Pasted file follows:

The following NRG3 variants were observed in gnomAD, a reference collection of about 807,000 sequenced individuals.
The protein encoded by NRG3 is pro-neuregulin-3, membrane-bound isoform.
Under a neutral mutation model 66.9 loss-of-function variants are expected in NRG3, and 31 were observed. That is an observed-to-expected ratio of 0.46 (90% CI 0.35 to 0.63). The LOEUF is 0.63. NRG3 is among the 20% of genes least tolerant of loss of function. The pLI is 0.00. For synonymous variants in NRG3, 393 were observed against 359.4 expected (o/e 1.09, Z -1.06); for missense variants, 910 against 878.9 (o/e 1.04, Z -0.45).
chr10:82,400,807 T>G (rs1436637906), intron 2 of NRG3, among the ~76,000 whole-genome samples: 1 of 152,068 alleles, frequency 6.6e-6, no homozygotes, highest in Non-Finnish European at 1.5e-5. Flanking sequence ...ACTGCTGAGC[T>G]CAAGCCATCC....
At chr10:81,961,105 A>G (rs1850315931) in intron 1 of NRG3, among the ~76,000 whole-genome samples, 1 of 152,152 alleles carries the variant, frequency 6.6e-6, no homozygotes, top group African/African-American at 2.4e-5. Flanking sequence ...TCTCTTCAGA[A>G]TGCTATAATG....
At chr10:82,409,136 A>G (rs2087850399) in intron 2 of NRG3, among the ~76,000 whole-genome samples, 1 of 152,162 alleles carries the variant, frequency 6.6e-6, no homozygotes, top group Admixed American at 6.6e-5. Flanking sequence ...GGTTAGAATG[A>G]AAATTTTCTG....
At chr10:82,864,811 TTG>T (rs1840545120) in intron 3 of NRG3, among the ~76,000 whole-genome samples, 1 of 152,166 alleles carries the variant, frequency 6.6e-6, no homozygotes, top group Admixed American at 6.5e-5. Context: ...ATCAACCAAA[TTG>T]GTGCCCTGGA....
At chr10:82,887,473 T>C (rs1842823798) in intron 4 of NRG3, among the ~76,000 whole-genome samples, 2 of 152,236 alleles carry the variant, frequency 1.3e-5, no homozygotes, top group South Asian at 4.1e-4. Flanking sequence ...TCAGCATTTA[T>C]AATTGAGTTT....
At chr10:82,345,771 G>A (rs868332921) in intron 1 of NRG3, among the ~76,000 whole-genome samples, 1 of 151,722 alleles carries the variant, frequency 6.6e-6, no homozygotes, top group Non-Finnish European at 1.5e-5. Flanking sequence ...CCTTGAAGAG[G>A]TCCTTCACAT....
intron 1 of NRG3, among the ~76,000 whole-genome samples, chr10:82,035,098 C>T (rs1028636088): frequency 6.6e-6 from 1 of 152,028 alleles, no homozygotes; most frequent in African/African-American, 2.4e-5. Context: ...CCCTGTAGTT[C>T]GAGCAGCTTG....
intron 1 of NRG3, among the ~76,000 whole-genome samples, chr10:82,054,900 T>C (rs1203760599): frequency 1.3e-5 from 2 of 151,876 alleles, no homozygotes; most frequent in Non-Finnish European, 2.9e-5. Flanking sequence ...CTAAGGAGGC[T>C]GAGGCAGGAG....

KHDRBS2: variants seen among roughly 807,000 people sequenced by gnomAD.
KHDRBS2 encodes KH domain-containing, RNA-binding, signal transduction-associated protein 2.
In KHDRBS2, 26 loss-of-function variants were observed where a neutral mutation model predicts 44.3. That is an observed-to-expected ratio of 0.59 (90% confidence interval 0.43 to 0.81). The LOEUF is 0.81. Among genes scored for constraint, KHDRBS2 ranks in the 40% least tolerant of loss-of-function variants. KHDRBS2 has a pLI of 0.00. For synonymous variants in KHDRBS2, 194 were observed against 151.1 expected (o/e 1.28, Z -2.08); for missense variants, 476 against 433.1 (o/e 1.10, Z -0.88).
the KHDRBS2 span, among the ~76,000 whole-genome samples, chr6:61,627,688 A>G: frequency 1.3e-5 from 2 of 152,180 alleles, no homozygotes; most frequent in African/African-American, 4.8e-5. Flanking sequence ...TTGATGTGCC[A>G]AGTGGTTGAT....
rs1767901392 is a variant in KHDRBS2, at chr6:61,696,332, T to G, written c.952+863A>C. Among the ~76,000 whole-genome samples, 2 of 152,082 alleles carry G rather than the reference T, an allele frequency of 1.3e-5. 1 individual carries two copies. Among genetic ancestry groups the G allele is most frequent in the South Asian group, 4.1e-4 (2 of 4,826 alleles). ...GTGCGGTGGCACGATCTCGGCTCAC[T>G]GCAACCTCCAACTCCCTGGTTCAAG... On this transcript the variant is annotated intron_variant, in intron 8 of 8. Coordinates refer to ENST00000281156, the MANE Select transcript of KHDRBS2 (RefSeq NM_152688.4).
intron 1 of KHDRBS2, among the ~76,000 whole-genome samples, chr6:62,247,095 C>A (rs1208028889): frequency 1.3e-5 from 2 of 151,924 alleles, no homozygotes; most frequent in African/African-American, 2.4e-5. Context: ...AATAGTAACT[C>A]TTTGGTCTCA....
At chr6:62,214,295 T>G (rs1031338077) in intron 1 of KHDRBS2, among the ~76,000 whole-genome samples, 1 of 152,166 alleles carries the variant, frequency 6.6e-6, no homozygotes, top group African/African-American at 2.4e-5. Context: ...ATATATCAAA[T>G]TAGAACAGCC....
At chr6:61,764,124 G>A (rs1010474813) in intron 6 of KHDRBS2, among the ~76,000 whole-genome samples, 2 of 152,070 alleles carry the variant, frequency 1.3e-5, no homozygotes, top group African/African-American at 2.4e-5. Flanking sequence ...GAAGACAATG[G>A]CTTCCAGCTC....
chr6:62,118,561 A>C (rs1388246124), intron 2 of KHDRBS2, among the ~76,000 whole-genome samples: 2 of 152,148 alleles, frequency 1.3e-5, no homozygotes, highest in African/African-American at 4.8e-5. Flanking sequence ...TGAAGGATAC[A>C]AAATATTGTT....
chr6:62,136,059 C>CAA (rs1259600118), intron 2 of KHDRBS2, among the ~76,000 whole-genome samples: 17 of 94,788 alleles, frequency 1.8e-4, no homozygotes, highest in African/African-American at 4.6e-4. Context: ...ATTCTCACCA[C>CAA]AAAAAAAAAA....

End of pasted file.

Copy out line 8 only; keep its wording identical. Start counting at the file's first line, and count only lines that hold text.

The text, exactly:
At chr10:82,887,473 T>C (rs1842823798) in intron 4 of NRG3, among the ~76,000 whole-genome samples, 2 of 152,236 alleles carry the variant, frequency 1.3e-5, no homozygotes, top group South Asian at 4.1e-4. Flanking sequence ...TCAGCATTTA[T>C]AATTGAGTTT....